Operations that take long periods of wall clock time (even if the cpu is efficiently waiting) need to be logged. The most obvious example is timeouts and exponential backoffs - this is code that does nothing and has no visible effects other than the passage of time.
  8. When I was writing my implementation of Paxos, printf-style logging of the messages exchanges among the agents in my unit tests was my most valuable tool for tracking down violations of consensus. But logging every message was an overload of information, and it made for a tedious experience. It helped tremendously to have perfectly repeatable tests, allowing me to set conditional breakpoints and debug a specific request pass through the system. Having a request id passed end-to-end through the system made it even easier to follow the messages exchanged across different replicas.
  9. Execution time for some section of code can take longer to execute than you would ever expect. Of course, you should run a profiler before optimizing the code (though I'll bet serialization and deserialization is at the top of your profile), but running a profiler in production is not practical. Production isn't usually set up with development tools, and collecting massive amounts of data affects performance too.

    We can easily time small sections of code. But reporting the mean and standard deviation of a normal distribution forced onto the samples collected may mislead, mostly because the distribution of execution times may not fit a normal distribution.

    I'm going to suggest something even cheaper, that I've used with success: time sections of your code that expect to take only 10s of milliseconds, and log a message if they take greater than one second. I think you would be surprised at the variability of the execution time of a single section of code.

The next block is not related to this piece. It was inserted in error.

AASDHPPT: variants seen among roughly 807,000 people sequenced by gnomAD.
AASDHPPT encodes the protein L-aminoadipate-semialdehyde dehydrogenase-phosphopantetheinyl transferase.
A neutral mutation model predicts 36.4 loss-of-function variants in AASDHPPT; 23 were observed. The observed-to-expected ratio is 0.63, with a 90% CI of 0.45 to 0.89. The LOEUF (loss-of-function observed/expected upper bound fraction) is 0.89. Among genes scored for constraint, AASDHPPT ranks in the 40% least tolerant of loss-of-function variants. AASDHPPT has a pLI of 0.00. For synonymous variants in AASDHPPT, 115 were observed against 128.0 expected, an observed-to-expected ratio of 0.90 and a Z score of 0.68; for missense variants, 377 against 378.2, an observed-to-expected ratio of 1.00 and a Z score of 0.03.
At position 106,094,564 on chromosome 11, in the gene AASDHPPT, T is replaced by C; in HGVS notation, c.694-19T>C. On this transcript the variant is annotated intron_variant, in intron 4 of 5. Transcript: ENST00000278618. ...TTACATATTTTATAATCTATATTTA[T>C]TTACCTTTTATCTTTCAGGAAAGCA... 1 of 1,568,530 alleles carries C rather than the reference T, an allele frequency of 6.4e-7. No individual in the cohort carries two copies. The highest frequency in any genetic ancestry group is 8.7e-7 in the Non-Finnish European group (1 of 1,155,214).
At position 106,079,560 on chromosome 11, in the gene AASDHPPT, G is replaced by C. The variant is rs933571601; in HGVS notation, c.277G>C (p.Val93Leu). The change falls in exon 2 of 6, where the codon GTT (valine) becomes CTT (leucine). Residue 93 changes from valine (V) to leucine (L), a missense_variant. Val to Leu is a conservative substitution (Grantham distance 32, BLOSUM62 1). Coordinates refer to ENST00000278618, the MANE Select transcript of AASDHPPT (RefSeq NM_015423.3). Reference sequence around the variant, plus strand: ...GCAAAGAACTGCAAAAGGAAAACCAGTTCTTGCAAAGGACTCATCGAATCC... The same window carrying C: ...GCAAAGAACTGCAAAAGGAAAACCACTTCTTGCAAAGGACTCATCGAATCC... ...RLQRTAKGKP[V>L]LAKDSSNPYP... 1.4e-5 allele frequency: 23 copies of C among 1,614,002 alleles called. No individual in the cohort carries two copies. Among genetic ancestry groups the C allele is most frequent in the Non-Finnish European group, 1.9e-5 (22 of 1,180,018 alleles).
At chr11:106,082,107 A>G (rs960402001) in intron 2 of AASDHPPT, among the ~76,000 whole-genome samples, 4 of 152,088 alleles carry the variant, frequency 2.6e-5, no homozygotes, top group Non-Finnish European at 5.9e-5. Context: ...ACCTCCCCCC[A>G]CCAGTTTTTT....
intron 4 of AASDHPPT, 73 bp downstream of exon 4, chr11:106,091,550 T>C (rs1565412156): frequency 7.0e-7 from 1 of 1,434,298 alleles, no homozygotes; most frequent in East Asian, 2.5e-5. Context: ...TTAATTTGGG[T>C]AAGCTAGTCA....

The rationale and justification for this approach is covered in Amazon's paper on Dynamo. You care much more about the 99th percentile response time for a web service than the mean response time. True real time systems even introduce a hard deadline for completion of tasks, not even allowing the variability in execution time that really gets ignored by most profilers.
  10. HTTP has proven to be a very useful transport protocol on top of TCP, and most HTTP client libraries (even through RPC mechanisms like WCF) provide http method invocation timeouts. But that's just the client-side of the operation - the server-side of the operation isn't always aware that the client has disconnected, and so you need to manually cancel the server-side code after some timeout. .NET provides a convenient structure for cooperative cancellation through the CancellationToken.
    All server-side operations need to have their own timeout logic - this is not taken care of automatically by the typical server framework. In some situations, you may be querying an underlying sql database, and it will have its own timeout, which will throw an exception and unwind that server call stack and release resources. But when you're implementing something like Paxos, there are times where the server's logical thread of control is waiting for an event that may never occur (for example, a state machine's request to replicate a command in the log). When the client has already given up, you must ensure the server isn't continuing for no reason.